Tuesday, March 22, 2016
Probiotics could be the answer to NEC in preterm infants
Necrotizing enterocolitis (NEC) is one of the most devastating neonatal diseases. It predominantly affects preterm infants, who have specific risk factors leading to intestinal dysbiosis.
NEC is a multifactorial disease and prematurity is a well-recognised risk factor – approximately 90% of the infants who develop NEC are born preterm.
This is probably due to specific comorbidities of prematurity, such as immunodeficiency, use of broad-spectrum antimicrobials, delayed enteral feeding and low availability of human milk.
Given the substantial morbidity, mortality and health-care costs related to the disease, NEC has been priority for research.
The good news is that a recent a systematic review and meta-analysis of role probiotics can play in preventing NEC, published in the Italian Journal of Pediatrics, has found that manipulations of gut microbiota through probiotics have the potential to prevent NEC in preterm infants.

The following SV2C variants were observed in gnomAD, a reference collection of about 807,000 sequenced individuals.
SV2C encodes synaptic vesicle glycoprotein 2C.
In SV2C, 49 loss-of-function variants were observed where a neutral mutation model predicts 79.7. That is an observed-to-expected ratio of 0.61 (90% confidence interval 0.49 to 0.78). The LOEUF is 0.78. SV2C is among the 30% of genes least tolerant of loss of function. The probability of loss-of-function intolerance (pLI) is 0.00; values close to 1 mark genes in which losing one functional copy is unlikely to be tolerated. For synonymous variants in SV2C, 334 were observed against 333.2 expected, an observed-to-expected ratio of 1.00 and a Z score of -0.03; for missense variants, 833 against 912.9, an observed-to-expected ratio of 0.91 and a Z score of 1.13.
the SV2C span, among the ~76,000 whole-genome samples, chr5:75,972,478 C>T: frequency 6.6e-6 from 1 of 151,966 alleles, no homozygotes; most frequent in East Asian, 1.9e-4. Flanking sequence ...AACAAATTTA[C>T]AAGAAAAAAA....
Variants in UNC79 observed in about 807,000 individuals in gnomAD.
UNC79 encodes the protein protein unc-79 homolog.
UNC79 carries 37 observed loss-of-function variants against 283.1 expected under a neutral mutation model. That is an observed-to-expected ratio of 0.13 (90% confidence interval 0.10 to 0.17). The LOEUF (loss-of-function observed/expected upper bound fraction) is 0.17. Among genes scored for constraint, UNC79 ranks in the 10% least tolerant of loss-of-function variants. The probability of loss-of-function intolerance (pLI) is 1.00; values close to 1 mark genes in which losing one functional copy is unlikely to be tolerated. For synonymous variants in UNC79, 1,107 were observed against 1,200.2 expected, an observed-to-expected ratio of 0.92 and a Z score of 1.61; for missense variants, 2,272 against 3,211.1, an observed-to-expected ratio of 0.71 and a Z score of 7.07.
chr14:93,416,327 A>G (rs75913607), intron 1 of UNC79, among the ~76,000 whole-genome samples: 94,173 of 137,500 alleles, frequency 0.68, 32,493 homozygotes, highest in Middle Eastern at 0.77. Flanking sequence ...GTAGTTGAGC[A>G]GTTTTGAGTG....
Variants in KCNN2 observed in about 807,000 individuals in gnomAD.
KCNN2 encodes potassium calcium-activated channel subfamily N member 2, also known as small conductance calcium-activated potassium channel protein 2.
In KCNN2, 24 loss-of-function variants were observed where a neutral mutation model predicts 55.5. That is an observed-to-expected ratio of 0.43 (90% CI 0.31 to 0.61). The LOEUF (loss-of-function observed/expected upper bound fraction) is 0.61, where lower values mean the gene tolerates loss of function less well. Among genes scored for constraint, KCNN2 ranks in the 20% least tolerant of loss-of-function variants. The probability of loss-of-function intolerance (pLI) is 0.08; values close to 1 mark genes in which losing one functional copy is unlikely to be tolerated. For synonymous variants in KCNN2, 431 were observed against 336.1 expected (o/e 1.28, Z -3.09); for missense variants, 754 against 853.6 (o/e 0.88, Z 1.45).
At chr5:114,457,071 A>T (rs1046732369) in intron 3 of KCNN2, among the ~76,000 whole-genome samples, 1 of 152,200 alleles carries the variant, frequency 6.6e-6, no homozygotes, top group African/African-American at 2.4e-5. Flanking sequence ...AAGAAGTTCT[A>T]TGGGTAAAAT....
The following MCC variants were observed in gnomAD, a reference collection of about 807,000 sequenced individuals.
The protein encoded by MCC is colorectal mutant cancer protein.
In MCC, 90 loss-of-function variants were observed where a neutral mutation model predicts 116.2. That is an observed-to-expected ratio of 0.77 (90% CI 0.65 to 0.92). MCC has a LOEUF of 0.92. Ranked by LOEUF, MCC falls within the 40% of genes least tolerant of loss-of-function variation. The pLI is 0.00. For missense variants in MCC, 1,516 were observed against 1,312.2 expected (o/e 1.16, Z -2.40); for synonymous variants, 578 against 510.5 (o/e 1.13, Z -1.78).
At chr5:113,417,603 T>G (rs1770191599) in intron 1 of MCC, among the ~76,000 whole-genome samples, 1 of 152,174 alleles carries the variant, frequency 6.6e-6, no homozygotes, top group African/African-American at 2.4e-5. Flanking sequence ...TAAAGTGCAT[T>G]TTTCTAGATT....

The results of the meta analysis confirm that research on probiotics and NEC is on the right track, but also suggest that, before radically changing clinical practice, several unanswered questions should be addressed to clarify the effect of probiotics in high-risk populations (i.e., ELBWs, IUGRs), as well as the most effective probiotic product and appropriate dosage and duration of any supplementation.
For further details about the study and its conclusions, read the full study: Probiotics for prevention of necrotizing enterocolitis in preterm infants: systematic review and meta-analysis